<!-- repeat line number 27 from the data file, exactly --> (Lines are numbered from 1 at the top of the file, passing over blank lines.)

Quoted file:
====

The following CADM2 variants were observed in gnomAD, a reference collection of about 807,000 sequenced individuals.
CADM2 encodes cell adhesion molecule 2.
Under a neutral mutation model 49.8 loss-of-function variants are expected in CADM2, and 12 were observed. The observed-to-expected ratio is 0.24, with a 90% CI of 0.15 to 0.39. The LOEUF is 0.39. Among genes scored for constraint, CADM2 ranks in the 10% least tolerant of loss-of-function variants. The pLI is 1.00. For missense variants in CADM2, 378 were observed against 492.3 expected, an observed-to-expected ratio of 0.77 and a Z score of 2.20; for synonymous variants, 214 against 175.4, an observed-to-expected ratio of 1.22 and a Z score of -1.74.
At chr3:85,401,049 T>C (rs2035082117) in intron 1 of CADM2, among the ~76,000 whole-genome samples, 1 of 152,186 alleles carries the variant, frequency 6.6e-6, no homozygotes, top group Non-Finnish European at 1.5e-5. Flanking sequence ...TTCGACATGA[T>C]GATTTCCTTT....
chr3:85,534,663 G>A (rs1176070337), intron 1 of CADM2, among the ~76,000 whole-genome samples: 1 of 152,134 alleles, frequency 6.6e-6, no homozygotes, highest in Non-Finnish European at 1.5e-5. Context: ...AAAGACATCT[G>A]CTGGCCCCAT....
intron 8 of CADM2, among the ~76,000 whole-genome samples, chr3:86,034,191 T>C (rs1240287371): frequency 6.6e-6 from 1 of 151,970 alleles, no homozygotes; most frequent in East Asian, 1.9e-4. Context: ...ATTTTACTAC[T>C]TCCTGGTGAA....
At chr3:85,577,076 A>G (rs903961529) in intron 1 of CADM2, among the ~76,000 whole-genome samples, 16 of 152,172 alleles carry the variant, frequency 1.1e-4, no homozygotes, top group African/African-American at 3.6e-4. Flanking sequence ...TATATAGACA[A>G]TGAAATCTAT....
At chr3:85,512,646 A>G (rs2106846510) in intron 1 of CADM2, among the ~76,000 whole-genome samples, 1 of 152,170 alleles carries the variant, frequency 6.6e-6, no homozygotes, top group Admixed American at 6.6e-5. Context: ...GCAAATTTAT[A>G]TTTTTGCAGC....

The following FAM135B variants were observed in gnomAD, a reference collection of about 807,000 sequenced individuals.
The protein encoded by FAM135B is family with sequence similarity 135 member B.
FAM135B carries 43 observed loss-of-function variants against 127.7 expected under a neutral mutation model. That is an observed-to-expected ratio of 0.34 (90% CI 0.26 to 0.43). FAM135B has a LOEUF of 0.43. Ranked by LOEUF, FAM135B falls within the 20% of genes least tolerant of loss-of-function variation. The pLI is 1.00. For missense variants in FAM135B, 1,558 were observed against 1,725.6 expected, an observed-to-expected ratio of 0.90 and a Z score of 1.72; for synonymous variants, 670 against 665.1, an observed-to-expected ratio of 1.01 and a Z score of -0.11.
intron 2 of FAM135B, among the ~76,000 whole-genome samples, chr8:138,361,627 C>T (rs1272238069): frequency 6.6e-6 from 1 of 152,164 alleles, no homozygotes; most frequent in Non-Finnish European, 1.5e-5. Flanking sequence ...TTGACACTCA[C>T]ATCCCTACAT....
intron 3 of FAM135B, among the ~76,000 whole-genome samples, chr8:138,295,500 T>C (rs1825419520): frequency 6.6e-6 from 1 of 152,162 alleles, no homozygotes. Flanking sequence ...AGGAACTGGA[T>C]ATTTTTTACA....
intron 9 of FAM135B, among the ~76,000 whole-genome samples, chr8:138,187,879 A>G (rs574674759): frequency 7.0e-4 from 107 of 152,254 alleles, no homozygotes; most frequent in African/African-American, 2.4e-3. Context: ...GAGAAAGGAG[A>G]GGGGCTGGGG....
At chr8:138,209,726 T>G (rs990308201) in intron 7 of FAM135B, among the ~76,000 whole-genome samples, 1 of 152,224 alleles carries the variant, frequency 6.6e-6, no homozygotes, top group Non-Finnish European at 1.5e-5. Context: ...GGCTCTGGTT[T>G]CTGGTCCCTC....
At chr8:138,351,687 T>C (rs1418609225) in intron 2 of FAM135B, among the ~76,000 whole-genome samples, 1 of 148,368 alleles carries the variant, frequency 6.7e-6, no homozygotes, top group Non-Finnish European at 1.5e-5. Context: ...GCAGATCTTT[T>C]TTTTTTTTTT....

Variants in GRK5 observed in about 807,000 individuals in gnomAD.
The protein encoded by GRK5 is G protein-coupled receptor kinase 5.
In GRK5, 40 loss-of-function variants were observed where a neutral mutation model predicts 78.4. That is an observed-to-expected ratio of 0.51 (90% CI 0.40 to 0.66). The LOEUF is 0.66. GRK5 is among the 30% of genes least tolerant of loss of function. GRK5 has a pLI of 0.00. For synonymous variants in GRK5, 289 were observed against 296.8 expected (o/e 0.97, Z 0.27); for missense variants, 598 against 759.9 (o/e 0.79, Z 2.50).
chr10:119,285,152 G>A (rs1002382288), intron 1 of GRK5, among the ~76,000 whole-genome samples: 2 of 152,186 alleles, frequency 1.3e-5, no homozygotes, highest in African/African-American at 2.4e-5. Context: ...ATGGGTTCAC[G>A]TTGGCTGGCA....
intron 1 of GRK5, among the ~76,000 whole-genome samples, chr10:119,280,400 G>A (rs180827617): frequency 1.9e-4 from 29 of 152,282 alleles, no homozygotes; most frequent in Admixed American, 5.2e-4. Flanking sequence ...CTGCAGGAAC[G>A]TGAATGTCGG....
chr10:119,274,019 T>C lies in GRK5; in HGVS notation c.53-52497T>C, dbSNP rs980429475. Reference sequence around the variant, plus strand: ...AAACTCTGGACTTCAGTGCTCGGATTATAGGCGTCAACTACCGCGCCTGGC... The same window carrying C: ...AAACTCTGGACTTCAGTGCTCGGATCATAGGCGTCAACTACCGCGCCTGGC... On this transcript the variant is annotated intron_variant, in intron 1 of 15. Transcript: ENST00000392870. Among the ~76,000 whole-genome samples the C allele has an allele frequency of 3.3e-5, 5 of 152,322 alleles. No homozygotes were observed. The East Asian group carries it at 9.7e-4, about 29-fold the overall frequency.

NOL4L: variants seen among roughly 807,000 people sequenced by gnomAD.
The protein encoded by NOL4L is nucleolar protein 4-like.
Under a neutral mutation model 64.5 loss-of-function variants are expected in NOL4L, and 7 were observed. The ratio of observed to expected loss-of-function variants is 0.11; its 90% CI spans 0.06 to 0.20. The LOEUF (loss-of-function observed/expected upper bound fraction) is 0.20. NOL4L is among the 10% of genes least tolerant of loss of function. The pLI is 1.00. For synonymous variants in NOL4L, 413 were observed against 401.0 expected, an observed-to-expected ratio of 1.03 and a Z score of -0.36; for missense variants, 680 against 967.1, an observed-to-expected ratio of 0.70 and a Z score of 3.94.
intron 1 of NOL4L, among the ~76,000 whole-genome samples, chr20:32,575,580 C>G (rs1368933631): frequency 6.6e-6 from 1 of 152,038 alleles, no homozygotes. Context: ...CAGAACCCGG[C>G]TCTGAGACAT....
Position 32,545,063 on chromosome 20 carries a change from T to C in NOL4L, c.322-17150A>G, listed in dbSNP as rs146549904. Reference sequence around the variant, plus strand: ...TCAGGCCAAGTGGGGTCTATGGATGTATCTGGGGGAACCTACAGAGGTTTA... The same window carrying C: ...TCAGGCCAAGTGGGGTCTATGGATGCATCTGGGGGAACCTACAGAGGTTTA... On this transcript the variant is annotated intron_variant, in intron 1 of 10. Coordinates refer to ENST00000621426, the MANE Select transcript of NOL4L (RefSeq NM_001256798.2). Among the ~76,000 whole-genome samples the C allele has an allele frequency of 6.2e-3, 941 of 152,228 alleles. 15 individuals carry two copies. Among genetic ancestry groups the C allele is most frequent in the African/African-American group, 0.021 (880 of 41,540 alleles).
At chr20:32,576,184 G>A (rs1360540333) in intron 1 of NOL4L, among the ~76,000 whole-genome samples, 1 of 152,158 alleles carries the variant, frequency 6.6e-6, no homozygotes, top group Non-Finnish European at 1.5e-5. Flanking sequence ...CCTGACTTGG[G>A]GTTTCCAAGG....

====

Position 32,545,063 on chromosome 20 carries a change from T to C in NOL4L, c.322-17150A>G, listed in dbSNP as rs146549904. Reference sequence around the variant, plus strand: ...TCAGGCCAAGTGGGGTCTATGGATGTATCTGGGGGAACCTACAGAGGTTTA... The same window carrying C: ...TCAGGCCAAGTGGGGTCTATGGATGCATCTGGGGGAACCTACAGAGGTTTA... On this transcript the variant is annotated intron_variant, in intron 1 of 10. Coordinates refer to ENST00000621426, the MANE Select transcript of NOL4L (RefSeq NM_001256798.2). Among the ~76,000 whole-genome samples the C allele has an allele frequency of 6.2e-3, 941 of 152,228 alleles. 15 individuals carry two copies. Among genetic ancestry groups the C allele is most frequent in the African/African-American group, 0.021 (880 of 41,540 alleles).